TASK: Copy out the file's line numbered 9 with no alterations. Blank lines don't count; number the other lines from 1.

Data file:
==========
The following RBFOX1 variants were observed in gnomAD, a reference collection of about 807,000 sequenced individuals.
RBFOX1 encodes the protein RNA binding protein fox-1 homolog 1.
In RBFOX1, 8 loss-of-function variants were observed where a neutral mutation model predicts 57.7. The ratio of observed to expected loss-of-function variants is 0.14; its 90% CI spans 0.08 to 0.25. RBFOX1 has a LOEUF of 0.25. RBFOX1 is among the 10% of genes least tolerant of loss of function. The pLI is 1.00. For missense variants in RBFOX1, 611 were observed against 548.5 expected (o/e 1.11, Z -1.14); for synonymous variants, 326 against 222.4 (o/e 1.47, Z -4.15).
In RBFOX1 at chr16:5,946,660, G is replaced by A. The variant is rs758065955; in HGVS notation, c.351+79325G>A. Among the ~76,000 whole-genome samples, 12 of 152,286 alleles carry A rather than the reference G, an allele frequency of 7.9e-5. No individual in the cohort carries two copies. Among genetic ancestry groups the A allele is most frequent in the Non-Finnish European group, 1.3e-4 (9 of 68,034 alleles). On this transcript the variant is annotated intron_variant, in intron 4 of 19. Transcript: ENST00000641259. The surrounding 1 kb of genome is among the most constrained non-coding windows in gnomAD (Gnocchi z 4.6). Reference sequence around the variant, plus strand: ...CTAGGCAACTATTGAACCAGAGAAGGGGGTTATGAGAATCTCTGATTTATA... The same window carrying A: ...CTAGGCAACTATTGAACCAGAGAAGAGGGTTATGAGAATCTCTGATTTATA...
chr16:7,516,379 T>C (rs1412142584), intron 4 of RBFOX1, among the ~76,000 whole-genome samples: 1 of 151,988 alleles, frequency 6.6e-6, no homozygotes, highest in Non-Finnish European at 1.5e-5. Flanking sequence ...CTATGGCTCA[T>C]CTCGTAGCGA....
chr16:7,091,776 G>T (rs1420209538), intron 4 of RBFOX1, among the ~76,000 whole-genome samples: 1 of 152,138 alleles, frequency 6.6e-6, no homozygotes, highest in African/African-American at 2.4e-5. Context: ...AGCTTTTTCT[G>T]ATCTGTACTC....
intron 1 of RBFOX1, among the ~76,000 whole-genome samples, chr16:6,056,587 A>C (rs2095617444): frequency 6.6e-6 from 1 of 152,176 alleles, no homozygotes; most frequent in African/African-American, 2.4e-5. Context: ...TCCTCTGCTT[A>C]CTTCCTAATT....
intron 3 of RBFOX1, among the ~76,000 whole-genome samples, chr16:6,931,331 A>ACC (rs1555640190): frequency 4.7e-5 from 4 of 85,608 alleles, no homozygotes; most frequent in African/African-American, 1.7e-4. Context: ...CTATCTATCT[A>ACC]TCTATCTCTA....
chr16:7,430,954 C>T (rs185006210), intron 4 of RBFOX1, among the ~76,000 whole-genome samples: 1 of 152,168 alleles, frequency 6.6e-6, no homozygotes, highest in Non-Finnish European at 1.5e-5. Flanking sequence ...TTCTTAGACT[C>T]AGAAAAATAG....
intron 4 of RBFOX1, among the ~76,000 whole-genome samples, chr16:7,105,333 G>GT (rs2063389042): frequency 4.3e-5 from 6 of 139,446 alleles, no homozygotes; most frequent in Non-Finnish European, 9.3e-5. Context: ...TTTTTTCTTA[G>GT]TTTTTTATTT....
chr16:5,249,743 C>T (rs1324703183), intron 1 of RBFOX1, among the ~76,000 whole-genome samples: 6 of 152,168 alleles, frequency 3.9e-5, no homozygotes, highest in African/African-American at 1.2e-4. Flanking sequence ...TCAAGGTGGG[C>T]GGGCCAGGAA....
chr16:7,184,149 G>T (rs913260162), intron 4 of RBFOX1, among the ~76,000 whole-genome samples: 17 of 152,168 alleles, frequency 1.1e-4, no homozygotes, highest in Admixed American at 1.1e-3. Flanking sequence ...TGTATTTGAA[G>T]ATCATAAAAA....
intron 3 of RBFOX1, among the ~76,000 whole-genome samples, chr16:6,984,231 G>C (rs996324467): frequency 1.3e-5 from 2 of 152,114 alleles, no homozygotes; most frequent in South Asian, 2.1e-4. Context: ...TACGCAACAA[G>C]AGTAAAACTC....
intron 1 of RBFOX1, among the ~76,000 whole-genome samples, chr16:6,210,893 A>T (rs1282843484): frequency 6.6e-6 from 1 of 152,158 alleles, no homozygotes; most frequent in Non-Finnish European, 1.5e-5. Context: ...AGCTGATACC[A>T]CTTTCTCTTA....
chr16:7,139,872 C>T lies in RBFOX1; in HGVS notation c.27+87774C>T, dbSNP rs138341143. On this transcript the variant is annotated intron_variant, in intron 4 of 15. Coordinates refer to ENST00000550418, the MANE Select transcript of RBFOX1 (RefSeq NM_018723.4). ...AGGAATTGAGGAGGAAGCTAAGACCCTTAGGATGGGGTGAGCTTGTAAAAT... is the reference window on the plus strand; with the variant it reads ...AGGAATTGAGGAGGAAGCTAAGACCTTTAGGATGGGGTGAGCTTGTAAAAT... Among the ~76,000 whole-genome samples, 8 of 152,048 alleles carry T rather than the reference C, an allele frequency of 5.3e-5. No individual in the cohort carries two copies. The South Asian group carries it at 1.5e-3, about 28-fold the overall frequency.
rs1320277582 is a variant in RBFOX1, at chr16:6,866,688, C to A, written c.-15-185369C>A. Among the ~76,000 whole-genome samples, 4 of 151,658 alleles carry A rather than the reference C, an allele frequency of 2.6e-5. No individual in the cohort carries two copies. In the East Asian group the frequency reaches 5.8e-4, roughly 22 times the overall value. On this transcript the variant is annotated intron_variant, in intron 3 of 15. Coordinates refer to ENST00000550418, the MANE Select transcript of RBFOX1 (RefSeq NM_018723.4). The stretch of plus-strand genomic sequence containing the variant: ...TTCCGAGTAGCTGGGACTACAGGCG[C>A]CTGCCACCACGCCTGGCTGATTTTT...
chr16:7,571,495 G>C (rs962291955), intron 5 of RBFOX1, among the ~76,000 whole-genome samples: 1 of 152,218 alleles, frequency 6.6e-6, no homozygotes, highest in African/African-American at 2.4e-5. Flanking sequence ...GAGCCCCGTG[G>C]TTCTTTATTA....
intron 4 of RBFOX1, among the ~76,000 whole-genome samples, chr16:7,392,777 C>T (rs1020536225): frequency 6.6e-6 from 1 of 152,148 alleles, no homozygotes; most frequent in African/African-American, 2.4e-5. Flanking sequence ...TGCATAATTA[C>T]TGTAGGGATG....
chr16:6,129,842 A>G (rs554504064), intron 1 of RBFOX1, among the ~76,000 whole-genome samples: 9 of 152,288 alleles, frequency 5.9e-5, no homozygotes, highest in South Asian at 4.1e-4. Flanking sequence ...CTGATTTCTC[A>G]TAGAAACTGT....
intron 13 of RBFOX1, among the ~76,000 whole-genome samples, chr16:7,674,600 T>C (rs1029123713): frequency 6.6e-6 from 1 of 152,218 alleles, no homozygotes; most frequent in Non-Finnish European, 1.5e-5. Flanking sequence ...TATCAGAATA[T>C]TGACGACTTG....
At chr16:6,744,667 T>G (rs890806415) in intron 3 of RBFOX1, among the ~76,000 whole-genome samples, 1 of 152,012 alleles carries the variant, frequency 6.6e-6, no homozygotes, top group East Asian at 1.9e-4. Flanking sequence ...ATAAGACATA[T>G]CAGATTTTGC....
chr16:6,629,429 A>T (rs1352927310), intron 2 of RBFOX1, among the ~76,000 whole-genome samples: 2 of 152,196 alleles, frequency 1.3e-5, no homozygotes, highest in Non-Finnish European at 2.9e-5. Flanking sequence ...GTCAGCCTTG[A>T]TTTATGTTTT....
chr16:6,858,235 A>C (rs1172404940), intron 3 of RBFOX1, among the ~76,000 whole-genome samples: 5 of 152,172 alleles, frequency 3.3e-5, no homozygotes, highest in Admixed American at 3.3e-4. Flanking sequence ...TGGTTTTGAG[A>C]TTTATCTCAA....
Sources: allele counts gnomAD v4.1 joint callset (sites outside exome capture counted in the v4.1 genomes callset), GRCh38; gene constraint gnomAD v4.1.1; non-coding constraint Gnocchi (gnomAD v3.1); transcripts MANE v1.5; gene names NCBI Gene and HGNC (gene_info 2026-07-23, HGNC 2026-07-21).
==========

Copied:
chr16:7,430,954 C>T (rs185006210), intron 4 of RBFOX1, among the ~76,000 whole-genome samples: 1 of 152,168 alleles, frequency 6.6e-6, no homozygotes, highest in Non-Finnish European at 1.5e-5. Flanking sequence ...TTCTTAGACT[C>T]AGAAAAATAG....